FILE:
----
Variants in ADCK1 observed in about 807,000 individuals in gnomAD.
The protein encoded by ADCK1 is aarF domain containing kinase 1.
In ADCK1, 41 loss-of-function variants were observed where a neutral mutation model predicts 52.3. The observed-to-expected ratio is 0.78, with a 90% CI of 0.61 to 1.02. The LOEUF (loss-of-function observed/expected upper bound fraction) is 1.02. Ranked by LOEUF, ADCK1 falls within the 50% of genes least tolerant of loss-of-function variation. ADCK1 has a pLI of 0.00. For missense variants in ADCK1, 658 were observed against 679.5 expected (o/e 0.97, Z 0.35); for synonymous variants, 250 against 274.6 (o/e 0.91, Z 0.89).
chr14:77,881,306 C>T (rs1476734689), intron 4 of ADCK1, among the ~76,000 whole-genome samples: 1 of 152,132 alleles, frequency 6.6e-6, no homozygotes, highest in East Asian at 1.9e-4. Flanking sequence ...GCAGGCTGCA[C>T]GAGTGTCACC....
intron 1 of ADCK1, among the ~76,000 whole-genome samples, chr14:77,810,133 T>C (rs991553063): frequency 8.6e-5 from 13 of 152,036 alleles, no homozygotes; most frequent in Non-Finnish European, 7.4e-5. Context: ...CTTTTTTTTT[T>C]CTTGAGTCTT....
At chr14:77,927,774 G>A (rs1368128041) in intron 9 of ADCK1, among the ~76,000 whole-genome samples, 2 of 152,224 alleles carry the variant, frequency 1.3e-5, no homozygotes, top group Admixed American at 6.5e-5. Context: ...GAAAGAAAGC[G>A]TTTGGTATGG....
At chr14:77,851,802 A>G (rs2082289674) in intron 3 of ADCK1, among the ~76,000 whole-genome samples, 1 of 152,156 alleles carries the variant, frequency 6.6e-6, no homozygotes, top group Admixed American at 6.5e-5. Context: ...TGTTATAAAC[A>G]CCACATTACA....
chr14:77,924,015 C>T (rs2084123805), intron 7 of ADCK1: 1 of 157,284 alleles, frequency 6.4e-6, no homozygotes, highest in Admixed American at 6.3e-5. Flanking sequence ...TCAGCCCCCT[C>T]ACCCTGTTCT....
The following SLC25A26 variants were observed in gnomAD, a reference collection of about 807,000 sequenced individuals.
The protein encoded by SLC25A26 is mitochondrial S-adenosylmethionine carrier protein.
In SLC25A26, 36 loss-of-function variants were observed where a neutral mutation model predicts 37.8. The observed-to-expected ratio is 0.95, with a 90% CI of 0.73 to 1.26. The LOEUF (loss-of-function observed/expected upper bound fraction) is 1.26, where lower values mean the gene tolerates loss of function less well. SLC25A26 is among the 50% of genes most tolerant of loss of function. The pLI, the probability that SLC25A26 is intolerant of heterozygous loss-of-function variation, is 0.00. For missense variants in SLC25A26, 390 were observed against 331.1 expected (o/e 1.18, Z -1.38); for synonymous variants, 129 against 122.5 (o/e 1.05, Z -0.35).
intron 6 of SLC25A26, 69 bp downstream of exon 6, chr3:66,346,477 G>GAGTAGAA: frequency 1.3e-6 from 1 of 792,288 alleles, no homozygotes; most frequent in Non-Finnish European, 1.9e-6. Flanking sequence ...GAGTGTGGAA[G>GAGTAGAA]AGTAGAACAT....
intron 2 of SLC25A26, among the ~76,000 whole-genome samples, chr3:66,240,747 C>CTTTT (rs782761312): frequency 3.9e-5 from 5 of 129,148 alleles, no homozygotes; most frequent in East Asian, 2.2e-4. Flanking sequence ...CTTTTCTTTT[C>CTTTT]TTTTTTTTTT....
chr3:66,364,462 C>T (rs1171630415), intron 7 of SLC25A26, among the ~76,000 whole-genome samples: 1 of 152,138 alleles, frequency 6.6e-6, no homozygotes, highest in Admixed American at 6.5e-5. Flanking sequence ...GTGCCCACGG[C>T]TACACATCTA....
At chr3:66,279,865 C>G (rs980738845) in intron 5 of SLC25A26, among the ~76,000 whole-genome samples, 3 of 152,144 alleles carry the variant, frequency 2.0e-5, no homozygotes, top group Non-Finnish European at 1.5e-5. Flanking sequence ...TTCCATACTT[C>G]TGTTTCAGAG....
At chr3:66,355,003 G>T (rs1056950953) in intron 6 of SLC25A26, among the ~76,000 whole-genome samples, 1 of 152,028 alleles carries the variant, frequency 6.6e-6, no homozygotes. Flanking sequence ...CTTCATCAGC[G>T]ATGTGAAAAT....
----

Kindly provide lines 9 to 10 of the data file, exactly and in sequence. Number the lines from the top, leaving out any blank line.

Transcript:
The following SLC25A26 variants were observed in gnomAD, a reference collection of about 807,000 sequenced individuals.
The protein encoded by SLC25A26 is mitochondrial S-adenosylmethionine carrier protein.